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Musical Nirvana - Sex, Drugs & Music Affect Brain in Same Way

By HERWriter
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According to the Associated Press, McGill University researchers have discovered that listening to music triggers the same pleasure-reward system in the brain as sex, food and drugs. Previous research has shown that dopamine, a chemical that makes people feel pleasure, helps us feel pleasure while eating and having sex.

The research team has provided the first evidence that dopamine is responsible for musical bliss.

Neuroscientist Robert Zatorre, who led the research team at the Montreal Neurological Institute, said the findings helped explain why music was important throughout history and across cultures.

"Music has such deep roots in the brain that it engages this biologically ancient system," says Zatorre, explaining how dopamine generates the sensation of pleasure in the striatum, a primitive region deep in the brain.

"For reasons that we don't entirely understand, somehow music was able to kick in with the same system," Zatorre says. "And that gives it power that it might not otherwise have."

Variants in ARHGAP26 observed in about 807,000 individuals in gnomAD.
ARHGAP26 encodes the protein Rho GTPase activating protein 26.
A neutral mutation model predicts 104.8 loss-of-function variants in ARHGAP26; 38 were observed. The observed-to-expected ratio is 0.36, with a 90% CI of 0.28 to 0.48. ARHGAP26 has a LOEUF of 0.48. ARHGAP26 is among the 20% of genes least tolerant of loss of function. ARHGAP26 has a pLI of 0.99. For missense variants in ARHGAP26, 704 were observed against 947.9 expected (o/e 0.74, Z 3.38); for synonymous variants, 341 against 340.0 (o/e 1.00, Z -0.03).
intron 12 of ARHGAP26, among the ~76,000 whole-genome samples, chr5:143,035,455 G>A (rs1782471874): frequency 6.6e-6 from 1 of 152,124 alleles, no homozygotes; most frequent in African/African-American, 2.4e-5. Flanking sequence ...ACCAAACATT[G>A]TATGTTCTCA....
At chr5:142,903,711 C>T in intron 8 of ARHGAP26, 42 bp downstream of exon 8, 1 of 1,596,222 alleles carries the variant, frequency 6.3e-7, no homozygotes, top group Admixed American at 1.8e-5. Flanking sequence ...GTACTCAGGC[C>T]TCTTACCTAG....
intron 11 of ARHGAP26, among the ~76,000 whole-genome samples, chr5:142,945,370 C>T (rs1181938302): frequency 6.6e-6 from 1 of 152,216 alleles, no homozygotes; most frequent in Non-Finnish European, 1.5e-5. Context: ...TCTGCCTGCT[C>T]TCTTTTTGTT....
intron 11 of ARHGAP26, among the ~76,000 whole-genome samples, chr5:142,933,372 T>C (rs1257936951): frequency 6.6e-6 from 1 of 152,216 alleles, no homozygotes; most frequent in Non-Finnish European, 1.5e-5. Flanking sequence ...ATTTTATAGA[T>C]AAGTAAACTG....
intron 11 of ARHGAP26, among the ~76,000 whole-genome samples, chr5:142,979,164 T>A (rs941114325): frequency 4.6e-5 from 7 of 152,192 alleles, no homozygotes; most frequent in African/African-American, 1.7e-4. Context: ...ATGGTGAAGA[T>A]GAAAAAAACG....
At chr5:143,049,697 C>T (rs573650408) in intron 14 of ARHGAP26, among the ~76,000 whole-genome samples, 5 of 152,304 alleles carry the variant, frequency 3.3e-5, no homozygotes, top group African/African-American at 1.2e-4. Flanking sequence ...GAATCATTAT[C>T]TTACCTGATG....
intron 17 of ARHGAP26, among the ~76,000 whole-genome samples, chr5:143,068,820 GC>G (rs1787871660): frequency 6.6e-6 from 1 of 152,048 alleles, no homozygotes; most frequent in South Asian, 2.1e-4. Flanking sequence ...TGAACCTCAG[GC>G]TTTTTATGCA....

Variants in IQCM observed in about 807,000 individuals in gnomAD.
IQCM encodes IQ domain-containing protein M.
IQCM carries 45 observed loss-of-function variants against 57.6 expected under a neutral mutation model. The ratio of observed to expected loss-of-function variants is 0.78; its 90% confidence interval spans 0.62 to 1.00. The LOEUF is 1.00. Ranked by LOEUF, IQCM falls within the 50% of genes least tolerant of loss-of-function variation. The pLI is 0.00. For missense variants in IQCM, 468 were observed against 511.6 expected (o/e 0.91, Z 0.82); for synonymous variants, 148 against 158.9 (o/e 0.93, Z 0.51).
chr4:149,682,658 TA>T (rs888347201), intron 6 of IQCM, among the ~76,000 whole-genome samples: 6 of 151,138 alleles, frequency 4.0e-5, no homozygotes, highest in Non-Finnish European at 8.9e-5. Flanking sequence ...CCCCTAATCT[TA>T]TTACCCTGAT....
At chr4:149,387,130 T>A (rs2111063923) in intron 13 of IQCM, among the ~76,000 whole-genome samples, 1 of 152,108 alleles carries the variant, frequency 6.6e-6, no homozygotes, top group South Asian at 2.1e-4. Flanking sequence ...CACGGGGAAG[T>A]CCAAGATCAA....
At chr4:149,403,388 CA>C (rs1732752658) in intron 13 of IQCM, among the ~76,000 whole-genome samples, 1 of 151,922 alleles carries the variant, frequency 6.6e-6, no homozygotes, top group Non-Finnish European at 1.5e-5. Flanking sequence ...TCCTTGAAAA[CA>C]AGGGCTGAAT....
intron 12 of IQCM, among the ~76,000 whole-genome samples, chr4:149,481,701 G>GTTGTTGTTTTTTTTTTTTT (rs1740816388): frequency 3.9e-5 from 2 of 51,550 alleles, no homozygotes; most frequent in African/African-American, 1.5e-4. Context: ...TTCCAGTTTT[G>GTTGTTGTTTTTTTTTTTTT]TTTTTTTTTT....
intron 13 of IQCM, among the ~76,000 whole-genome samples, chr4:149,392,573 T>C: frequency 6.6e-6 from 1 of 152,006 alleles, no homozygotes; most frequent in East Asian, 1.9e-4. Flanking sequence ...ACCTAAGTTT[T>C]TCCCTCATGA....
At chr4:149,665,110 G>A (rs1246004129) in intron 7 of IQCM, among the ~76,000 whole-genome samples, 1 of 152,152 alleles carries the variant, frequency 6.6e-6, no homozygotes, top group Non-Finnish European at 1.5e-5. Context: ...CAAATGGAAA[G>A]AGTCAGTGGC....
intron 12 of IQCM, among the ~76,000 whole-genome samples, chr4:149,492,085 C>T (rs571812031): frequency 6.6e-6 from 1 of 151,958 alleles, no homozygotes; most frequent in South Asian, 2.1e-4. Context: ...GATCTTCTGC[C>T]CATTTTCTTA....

Illicit drugs hijack the dopamine system, which is what makes the drugs so addictive. But Zatorre sees little danger in listening to too much music.

Zatorre stated in an interview with the Montreal Gazette, "If you are hooked on music, it won't cause you to waste away, it won't give you health problems. On the contrary, it probably enhances your health."

Only instrumental music was used in the study, which shows that the dopamine response doesn't depend on voices, said researcher Valorie Salimpoor. She added that further work is needed to find out how voices might contribute to the feeling of pleasure when listening to music, msnbc.com reported.

The study used people who get the chills, a sign of intense nervous-system arousal, when listening to music. Of the more than 200 individuals who volunteered, 10 people were eventually selected to undergo the brain scans that cost a few thousand dollars each.

The volunteers agreed to undergo brain scans while listening to music they selected. The music ranged from techno to folk to classical. Brain scans revealed where and when their brains released dopamine as they listened to music.

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We value and respect our HERWriters' experiences, but everyone is different. Many of our writers are speaking from personal experience, and what's worked for them may not work for you. Their articles are not a substitute for medical advice, although we hope you can gain knowledge from their insight.

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